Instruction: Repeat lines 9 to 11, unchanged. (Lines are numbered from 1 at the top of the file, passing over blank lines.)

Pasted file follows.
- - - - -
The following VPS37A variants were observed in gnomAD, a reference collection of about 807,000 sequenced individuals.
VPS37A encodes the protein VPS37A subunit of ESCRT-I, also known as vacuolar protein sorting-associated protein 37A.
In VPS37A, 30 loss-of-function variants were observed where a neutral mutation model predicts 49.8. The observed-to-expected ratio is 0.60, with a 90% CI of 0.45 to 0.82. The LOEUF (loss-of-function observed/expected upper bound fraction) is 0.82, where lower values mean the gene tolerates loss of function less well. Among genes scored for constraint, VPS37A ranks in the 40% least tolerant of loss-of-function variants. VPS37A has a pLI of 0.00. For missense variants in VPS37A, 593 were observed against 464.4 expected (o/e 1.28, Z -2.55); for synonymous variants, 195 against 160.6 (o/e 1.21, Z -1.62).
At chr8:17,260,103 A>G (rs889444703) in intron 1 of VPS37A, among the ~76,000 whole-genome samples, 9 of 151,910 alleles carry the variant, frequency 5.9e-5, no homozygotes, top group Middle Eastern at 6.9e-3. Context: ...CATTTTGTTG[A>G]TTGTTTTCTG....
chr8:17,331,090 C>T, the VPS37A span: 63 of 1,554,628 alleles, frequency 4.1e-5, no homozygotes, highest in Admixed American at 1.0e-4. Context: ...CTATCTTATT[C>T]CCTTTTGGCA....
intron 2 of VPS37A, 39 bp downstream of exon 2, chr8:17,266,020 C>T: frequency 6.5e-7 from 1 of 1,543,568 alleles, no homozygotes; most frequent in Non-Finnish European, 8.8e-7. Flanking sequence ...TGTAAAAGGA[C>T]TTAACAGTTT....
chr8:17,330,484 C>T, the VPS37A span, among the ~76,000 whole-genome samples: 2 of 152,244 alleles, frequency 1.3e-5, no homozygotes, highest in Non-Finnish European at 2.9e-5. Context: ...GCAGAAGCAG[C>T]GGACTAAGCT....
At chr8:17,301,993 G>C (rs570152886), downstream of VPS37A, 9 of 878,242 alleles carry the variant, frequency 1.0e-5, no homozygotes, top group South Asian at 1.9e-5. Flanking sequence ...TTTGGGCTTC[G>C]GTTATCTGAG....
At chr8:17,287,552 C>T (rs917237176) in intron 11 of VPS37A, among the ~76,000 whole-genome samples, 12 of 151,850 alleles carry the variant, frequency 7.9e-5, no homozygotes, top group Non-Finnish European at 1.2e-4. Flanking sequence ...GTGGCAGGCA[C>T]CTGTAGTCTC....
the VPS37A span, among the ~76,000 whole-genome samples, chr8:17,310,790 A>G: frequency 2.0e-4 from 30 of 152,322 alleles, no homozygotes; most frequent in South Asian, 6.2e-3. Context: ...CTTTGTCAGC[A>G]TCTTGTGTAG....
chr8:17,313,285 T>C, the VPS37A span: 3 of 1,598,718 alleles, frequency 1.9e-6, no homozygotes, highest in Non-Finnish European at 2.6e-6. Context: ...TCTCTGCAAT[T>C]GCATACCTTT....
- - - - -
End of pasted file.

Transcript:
At chr8:17,287,552 C>T (rs917237176) in intron 11 of VPS37A, among the ~76,000 whole-genome samples, 12 of 151,850 alleles carry the variant, frequency 7.9e-5, no homozygotes, top group Non-Finnish European at 1.2e-4. Flanking sequence ...GTGGCAGGCA[C>T]CTGTAGTCTC....
the VPS37A span, among the ~76,000 whole-genome samples, chr8:17,310,790 A>G: frequency 2.0e-4 from 30 of 152,322 alleles, no homozygotes; most frequent in South Asian, 6.2e-3. Context: ...CTTTGTCAGC[A>G]TCTTGTGTAG....
chr8:17,313,285 T>C, the VPS37A span: 3 of 1,598,718 alleles, frequency 1.9e-6, no homozygotes, highest in Non-Finnish European at 2.6e-6. Context: ...TCTCTGCAAT[T>C]GCATACCTTT....